Green Mountain Coffee Roasters
Why Left for Dead? Specialty coffee and coffee maker Green Mountain (GMCR) was actually flagged for death back in 2011 by InvestorPlace’s Will Ashworth, in the middle of a stupendous crash. The stock had risen from a split-adjusted $8 per share to more than $100 per share in September of 2011 before crashing back down to $45 by the end of the year.
The impetus for the sell-off? Its Keurig single-serving coffee pods patent was expiring in 2012, and competition for that pod platform was increasing as a new entrant — privately held Rogers Family — starting selling its pods through Costco (COST) and Safeway (SWY). Oh, and hedge fund manager David Einhorn was already looking to short the stock.
What’s Changed? Everything but the original concept of the single-serving pod. Most importantly, GMCR has found a way to peacefully co-exist with the industry’s 800-lb gorilla: Starbucks (SBUX). The companies first entered into a partnership agreement in 2011 to make and sell Starbucks and Tazo-brand pods for use in the Keurig system. The partnership’s value was more than 850-milllion Starbucks coffee K-Cup packs sold for use in the Keurig system.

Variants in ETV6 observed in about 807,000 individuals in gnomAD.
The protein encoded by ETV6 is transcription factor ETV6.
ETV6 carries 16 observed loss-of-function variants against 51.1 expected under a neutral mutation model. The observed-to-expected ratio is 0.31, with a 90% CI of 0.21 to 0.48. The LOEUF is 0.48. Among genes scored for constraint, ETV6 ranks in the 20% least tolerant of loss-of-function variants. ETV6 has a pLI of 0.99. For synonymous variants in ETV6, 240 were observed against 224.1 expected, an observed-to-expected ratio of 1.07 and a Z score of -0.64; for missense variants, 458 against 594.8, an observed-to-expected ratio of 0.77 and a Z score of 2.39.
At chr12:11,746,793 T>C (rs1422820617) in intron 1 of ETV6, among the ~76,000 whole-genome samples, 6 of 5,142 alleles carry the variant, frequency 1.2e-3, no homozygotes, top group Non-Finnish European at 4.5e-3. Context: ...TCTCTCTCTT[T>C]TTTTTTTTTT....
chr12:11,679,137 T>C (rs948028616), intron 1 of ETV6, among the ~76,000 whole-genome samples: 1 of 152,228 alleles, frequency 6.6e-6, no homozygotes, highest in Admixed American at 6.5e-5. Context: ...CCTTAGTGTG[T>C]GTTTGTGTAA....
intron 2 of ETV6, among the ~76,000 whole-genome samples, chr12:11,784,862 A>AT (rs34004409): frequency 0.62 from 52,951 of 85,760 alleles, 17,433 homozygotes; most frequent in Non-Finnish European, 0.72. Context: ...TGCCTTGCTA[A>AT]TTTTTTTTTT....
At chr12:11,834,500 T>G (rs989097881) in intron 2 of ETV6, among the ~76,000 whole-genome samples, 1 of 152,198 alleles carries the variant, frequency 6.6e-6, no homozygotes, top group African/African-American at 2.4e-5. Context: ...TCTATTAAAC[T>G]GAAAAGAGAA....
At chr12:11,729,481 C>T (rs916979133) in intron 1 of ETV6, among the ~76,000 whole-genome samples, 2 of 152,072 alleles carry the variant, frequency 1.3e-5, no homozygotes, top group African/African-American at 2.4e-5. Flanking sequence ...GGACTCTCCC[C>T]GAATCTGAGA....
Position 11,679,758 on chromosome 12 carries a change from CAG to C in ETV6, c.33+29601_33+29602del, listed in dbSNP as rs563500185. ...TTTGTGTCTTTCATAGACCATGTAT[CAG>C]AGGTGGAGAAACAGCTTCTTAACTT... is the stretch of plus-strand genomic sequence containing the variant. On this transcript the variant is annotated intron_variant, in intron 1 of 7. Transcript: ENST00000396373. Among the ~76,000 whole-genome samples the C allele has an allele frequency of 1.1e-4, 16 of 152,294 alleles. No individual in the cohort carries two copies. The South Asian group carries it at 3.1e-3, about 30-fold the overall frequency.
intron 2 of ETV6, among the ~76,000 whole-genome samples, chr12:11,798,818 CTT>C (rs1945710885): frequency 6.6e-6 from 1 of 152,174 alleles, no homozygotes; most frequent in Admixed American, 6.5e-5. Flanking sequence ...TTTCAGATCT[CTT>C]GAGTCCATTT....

The agreement has been extended, and now Starbucks is the exclusive premium brand coffee for the Keurig K-Cup and GMCR’s Vue platforms, and GMCR now carries a wide and popular lineup of coffee and tea products for its still popular delivery system.
Long Term Prospects: GMCR’s moves are paying off: Single serve K-Cup revenues improved 21% on a year-over-year basis in Q1, and GMCR projects 11% to 14% revenue growth for the full year, with an EPS growth rate of 27% to 31%.
Verdict: Not only do I like the coffee and the coffee delivery system, I like the stock for the long term, too.
Marc Bastow is an Assistant Editor at InvestorPlace.com. As of this writing he does not hold a position in any of the aforementioned securities.